Transcription Hell

Transcribing is easily the worst part of the Phd process so far. It makes me tired, grumpy and antisocial. Here are my tips to avoid the pain:

  1. Invest in the right kit

Dragon Dictate v12 £30 – I speak, and Dragon turns it into a Word document. Saves your fingers.

Logitech headphones and microphone £25 – comfier than the free ones which come with Dragon Dictate, which is important when they are on your head for 12 hours a day.

Infinity IN-DB9 Footpedal £40 – essential to start/stop/rewind the audio files.

Express Scribe software £20 – the paid-for version allows easy start/stop/rewind/slow speaking/fast speaking. You can also organise your audio files into folders.

Whatever you do, try to avoid typing or handwriting, unless it is to start identifying themes.

  1. Allow yourself enough time

I spent so much time finding interview subjects, travelling to their site, and doing the interviews, that a backlog of 25 interviews to build up. Given that each hour of audio takes me 4 hours to transcribe, that meant a solid 3 weeks of sitting at my desk, transcribing, with breaks for food, sleep and the bathroom. My husband, family and friends forgot what I looked like. This was boring at best and nearly wrecked my relationships at worst. Learn from my mistakes and don’t let your transcriptions build up.

  1. Work out your transcription methodology

A transcript is not a full copy of the original interview and should not be taken as a record of objective reality. We make decisions about what to record and how to record it. It is therefore imperative to decide on a methodology, consistent with your wider methodology and in line with your research objectives. For example, ethnographers, working in grounded theory, may choose record and make analytical inferences from grammatical errors in speech, breathing patterns and other details. However, I have already brought Bourdieu’s theories of doxa, fields and habitus, and a hypothesis to my research. While I am recording laughter, pauses, gestures and tone of voice, which illuminate my pre-determined conceptual framework, I do not read further detail into the interviews.

“Transcriptions that have no methodology are neither useful for learning what people said, nor rigorous enough to serve in research” (Powers, 2005, p. 5)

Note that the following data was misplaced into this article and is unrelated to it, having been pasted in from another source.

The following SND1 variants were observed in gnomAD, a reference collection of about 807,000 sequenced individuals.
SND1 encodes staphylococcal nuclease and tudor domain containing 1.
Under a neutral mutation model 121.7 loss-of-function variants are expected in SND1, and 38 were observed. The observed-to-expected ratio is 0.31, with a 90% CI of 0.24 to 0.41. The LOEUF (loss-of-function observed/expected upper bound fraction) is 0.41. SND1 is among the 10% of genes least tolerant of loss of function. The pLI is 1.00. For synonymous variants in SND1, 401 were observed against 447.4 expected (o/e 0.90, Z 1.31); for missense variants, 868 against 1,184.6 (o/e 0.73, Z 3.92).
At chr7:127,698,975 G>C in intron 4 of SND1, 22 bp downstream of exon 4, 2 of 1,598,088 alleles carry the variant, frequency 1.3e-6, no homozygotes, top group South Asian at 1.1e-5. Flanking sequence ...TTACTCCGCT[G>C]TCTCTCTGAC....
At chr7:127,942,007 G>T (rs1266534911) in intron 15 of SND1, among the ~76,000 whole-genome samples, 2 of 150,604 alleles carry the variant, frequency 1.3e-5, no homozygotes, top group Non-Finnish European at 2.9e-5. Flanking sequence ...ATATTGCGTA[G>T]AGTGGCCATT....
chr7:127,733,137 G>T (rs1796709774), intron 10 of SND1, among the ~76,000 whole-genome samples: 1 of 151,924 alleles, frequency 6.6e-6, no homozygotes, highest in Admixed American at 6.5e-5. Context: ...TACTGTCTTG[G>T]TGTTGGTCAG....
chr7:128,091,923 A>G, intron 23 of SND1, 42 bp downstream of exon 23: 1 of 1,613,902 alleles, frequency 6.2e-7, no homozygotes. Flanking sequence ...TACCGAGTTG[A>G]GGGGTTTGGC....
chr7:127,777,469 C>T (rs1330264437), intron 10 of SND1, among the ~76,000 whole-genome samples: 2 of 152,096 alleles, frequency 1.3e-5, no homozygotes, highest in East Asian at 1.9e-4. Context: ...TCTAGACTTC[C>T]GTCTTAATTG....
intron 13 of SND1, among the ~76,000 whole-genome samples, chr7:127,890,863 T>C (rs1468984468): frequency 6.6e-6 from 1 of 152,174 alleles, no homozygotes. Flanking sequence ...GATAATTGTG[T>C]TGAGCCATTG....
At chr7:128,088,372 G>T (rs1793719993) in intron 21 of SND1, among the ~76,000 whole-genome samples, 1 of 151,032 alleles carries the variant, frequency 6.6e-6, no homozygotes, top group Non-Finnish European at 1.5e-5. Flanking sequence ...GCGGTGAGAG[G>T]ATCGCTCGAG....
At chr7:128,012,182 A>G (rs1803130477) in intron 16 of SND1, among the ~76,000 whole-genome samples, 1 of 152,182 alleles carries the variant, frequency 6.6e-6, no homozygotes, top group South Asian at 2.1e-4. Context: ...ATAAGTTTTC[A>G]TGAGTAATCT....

1. Start to identify themes as you go

I started to highlight key sections of the text and identify themes as I went along: symbolic violence, altruism, extraversion, learning…For my 6 pilot interviews with family firms, this was a good way to check that my hypothesis, that “familiness” is correlated with innovativeness, was valid. My questions could also be refined where they failed to identify any useful themes. I’m alert to the danger of relying on this initial thematic analysis, which is based on pattern matching, and which can lead to a superficial analysis (Johnston, 2006). I’m hoping that NVivo’s search tool and other functionality, can help me view the data in a more complex way.

So how are you coping with the transcription process? Any tips would be gratefully received!


Johnston, L. (2006). Software and Method: Reflections on Teaching and Using QSR NVivo in Doctoral Research. International Journal of Social Research Methodology, 9(5), 379–391. doi:10.1080/13645570600659433

Powers, W. R. (2005). Transcription Techniques for the Spoken Word (p. 128). Altamira Press.

Interviewing as a Martial Art

Pierre Bourdieu, the provocative, brilliant, exasperating French thinker, described sociology as a martial art:

I often say sociology is a martial art, a means of self-defense. Basically, you use it to defend yourself, without having the right to use it for unfair attacks. Pierre Bourdieu

Now in my second year of my PhD, I have completed and transcribed around 30 interviews, of both family firms and policy makers. These interviews have, at times felt, like defending the value of research. Particularly if the interviewees have not themselves attended university. They are keen to talk about their struggles and successes. They also want to know how my research will help other family firms. These are valid questions and ones that every business school academic should be able to answer: why is theoretical, conceptual work important in a business school? How do we help these many small businesses succeed, or make their exit less traumatic? I hope that, for a start, putting these businesses in touch with our students, researchers and other resources can help them grow. And that eventually, yes, my research will help explain why some family firms successfully innovate, why others do not, and what “familiness” even means in the context of business innovation.

But a martial art involves violence and we should not be afraid of passionately defending our right to understand the world in more depth and to explore areas that have not previously been studied. This is, partly, what universities are for.

Martial Arts by dunnodt

The family firms who have been willing to talk to me have been curious about the research, though I suspect that they are delighted someone takes an interest in their business, and wants to learn more about them. Bourdieu was passionate about the need for academics to take a stand, to be activists in the real world. As a business school researcher, taking a stand for me will involve teaching the “attack and defense” moves learned by family firms, to students, policy-makers and firm owners themselves. This will also be a way of honouring those who have given up their time to talk to me.

“La Sociologie est un sport de combat”